Monday, September 5, 2022

60IN60 Day 1 - Mon Sept 5

It's Day 1 and we're in Matthew 1.

An encouragement as you read the Bible today: in Acts 17:11, it tells of some Christians in Berea who "received the Word with great eagerness, examining the Scriptures daily to see whether [what we taught was Biblical]." Let's be like them. 

Where God Spoke To Me:
- Verse 18 - It's striking to me that the way in which the birth came about probably led to the damaging of Mary's reputation.  People could count months and must have presumed that the quick marriage was the result of an unexpected pregnancy.

- Verses 1-17 - The genealogy makes for boring reading, but it's important to Matthew to establish the heritage of the Messiah.

If you want to read the chapter online, here's a link.

If you have a question or comment, email me at

Your Comments and Questions:
- "Luke 10:18 He replied, 'I saw Satan fall like lightning from heaven.' You said Satan may have been in heaven complaining to God about what Jesus was doing.  God gave no ground.  So, Satan came back to Earth. (Fell to Earth defeated) In my opinion this is incorrect.  Satan has not yet been defeated this happens in Revelation.  It's speculation that Satan was there complaining. I need some clarification on this. Thanks." - Good question. Let me clarify what I mean and don't mean. First, one of the main names for Satan is "Diabolos" (Revelation 12:9). This means the "Accuser" or the "Slanderer." One of Satan's main actions against us is to make accusations about us before the Father. Obviously, the most prominent example of this happening is in Job 1:6-12 and Job 2:1-10. (Side note: this is really a remarkable idea because it means that in these interactions God is putting His reputation in our hands!) The Job passage makes it clear that God sets strict limits to what Satan is permitted to do, but nonetheless we see the reality that Satan comes into God's presence to accuse God's followers. Second, this happens in heaven (again, see Job's passages - "before the Lord"). This is important for the "fall like lightning from heaven" idea in Luke 10. Third (and this is important because I think this is where the misunderstanding happened), when I say that Satan "fell to earth defeated" I do not mean that Satan was defeated in the "final judgment/end of days/in hell forever" sense. You're right - that is in the future and doesn't happen until we get into the events of Revelation. What I mean is that Satan felt defeated in what he hoped to accomplish that day. He was complaining and accusing (in what exact ways we do not know) about the sending out of the 70 on this mission trip (Luke 10:1). The 70 come back victorious and joyful (Luke 10:17). Perhaps Satan complained that they had been given authority over his demons (Luke 10:17). He was defeated (going back to my original comments) in the sense that God did not say, "Ok, I'll stop Jesus' disciples from having authority over your demons." God gave no ground ("This is the new way things are going to work with Jesus' followers - get used to it, Satan."). In that sense, he came back to earth defeated in the battle he'd tried to win that day with his accusations. (One final note: as I said in my original post, the meaning of this passage is not certain, so this is my best interpretation. There are some, for instance, that think the "lightning" imagery is merely poetic and it just means, "I saw Satan being defeated today." I think the argument I shared is a stronger possibility, but we can't be dogmatic because it is somewhat obscure.)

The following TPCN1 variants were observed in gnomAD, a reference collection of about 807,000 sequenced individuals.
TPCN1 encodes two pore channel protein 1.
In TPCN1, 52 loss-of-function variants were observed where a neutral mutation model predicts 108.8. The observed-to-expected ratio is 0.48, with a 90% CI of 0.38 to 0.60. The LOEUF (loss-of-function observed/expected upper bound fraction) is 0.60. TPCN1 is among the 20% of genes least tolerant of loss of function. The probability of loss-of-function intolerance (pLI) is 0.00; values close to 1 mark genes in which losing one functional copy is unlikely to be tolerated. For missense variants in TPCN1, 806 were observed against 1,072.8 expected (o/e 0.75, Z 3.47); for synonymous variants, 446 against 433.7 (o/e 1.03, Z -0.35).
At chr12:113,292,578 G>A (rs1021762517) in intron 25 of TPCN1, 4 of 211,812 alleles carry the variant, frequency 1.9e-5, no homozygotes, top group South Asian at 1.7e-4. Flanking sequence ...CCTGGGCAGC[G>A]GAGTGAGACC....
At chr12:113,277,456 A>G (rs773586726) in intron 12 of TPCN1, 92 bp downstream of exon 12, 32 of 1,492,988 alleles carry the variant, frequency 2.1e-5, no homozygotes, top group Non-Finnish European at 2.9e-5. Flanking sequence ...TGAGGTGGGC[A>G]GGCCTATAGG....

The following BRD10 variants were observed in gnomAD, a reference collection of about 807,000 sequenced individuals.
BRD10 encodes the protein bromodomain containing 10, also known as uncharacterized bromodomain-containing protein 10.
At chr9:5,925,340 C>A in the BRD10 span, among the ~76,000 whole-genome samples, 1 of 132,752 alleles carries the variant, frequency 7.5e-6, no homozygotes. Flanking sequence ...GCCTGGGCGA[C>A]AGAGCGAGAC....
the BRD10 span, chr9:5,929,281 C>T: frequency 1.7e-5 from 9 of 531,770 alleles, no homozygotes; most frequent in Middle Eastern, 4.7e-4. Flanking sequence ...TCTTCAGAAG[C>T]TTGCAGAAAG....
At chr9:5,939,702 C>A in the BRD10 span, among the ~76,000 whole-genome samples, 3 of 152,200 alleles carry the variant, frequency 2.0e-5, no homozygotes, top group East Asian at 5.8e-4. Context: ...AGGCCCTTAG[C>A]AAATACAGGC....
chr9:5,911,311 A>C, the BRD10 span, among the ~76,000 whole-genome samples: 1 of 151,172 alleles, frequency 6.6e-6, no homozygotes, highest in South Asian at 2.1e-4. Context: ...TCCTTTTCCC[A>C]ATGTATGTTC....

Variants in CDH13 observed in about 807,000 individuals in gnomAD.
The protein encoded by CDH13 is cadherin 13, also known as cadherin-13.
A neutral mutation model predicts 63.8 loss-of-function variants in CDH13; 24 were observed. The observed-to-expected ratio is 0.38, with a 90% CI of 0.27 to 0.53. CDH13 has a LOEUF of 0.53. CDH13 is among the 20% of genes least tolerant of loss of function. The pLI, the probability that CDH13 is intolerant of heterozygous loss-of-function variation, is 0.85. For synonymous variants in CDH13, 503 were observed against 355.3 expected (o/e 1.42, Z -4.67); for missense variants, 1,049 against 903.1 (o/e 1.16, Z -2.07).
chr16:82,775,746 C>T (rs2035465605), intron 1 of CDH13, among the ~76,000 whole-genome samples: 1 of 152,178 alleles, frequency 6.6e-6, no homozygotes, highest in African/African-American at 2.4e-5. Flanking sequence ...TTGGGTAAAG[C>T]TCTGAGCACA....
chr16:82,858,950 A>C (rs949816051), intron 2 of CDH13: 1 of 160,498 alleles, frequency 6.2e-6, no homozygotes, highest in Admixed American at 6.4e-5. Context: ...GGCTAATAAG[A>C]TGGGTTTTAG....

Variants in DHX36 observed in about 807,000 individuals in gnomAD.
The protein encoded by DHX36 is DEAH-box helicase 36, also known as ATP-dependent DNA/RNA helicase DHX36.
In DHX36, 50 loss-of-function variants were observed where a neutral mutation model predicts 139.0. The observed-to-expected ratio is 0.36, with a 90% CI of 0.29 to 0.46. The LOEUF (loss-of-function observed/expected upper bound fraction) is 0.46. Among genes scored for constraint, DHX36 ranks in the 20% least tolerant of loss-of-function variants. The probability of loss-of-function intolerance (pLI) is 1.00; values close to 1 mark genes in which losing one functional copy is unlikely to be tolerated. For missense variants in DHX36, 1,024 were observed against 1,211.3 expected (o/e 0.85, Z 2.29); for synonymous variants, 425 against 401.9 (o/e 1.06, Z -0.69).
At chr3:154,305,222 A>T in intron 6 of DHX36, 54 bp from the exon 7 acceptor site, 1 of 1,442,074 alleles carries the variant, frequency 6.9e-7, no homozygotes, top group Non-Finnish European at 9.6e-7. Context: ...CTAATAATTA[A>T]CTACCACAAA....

- "Psalm 5:2 - sometimes we don't know what to pray for or what to do, we can only cry 'Help!'."
- "Psalm 5:10  - I don't know that I've ever prayed 'make them pay!' or 'have them fall !'.  Seems unloving to pray that on someone. But do we not want evil and our enemies to be brought down ?  Is this what it means to come boldly before the throne of grace (Hebrews 4:16)?" - Two thoughts. First, we do need to remember that the Psalms are expressions of the writers' honest emotions. Some of it includes expressions of anger or depression that are honest life but might not measure up to our best aspirations of Christlikeness. They are, in one sense, more like a testimony in church where we admit that we struggled with anger in a particular situation even though we shouldn't have felt that way, but that God saw us through in spite of our weaknesses. Second, while I do think we are to pray for a change of heart for our enemies, there can at the same time be a comfort for us in the confidence that evil will not be tolerated forever and that unrepentant sin will be punished.

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